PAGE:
DECATUR - City police couldn't send a representative to a forum Saturday on how to reduce gun violence, in part, because officers were investigating a fatal shooting that occurred hours earlier.
But almost no one, not even the participants themselves, escaped criticism at a breakfast meeting organized by Caring Black Men and the Decatur NAACP at Main Street Church of the Living God for the number of young lives being lost.
Lawrence "Moe" Dampeer, former MacArthur High School football standout, said people were pointing fingers at everybody but themselves.
"Everybody want to blame the police, but how many of ya'll will step up and tell that kid to get away from your house? How many of y'all will tell that kid there's nothing wrong with him? How many of you will introduce yourselves and let that kid know who you are?
"What about the kid who got his pants hanging down to the ground, whose shoes are untied, who can't go home? What about that kid? Which one of y'all is speaking to that kid?"
Decatur Democrat Bill Oliver, a member of the Macon County Board, added, "There are some things we let the people around us get away with by operating under a code of silence."
Their remarks came after some of the 65 people in attendance complained about police ineffectiveness and slow response times when fights are reported.
Leland Jones, who lives near Johns Hill Magnet School, said he has to break up fights himself because the combatants scatter when police arrive.
"I find myself in the middle of about 30 young men, all of them swinging, all of them cussing, all of them acting the fool," Jones said. "I live in a neighborhood where there's a lot of elderly people and a lot of youngsters like these kids here."
Eric Robinson lives in that area also and said police need to do some foot patrolling there. "Maybe we can't stop the guns from coming in, but maybe we can keep kids from using them," he said.
Nate Link suggested trying a gun buyback program and that callers use the name of a neighborhood organization when reporting problems to police.
Howard Edwards, principal of Stephen Decatur Middle School, said community policing should be the Decatur Police Department's No. 1 priority, not traffic stops.
Jim Taylor said 85 of the city's police officers don't live in Decatur and that some officers harass black youth into misbehaving. "Our kids are bad, but they make them worse," he said.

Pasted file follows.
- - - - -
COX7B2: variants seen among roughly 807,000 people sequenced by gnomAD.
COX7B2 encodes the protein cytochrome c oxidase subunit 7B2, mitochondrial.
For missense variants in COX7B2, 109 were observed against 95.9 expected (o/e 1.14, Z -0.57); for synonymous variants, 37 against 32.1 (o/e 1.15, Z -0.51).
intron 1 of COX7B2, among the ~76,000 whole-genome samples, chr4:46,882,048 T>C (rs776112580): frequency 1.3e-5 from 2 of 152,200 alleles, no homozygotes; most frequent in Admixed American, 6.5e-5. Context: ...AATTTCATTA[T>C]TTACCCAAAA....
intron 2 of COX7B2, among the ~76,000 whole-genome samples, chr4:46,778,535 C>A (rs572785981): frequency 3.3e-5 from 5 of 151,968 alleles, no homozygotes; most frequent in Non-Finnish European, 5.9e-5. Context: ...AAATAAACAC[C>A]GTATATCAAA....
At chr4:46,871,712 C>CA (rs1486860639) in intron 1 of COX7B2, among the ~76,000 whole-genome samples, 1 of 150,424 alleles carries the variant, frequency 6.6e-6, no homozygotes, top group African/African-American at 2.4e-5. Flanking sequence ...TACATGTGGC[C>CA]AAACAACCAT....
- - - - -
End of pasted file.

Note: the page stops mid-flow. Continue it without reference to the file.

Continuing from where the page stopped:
Jeffrey Perkins, president of Caring Black Men and the Decatur Branch of the National Association for the Advancement of Colored People, made a point of criticizing the absence of pastors at Saturday's breakfast.
Churches with pastors in attendance included All Souls Tabernacle, Main Street Church of the Living God and Temples No. 1 and 4 of Church of the Living God.
Perkins also said he plans to ask people to "flood the (Decatur) city council chambers" to demonstrate "how serious people are about getting rid of the violence and drugs and guns in our community."
Macon County Sheriff Thomas Schneider responded that Decatur police officers faithfully attend meetings of the Coalition of Neighborhood Organizations, gun buyback programs haven't been that successful in Decatur, and a new mental health court and other programs are getting people help and treatment they need instead of sending them to jail.
He added that he has seen examples of bad behavior by parents as well.
Once, when officers were searching for a child who reportedly had a gun, Schneider saw a woman "pull down her drawers and shake her butt" at him.
Jay Scott, first assistant county state's attorney, said police need direct evidence to go into drug houses and get guns off the street.
"One of the biggest problems we have is people not wanting to give that information," he said. "We worked on a drive-by shooting a couple years ago where 20 to 30 people saw it, and we had maybe five come forward to testify in court."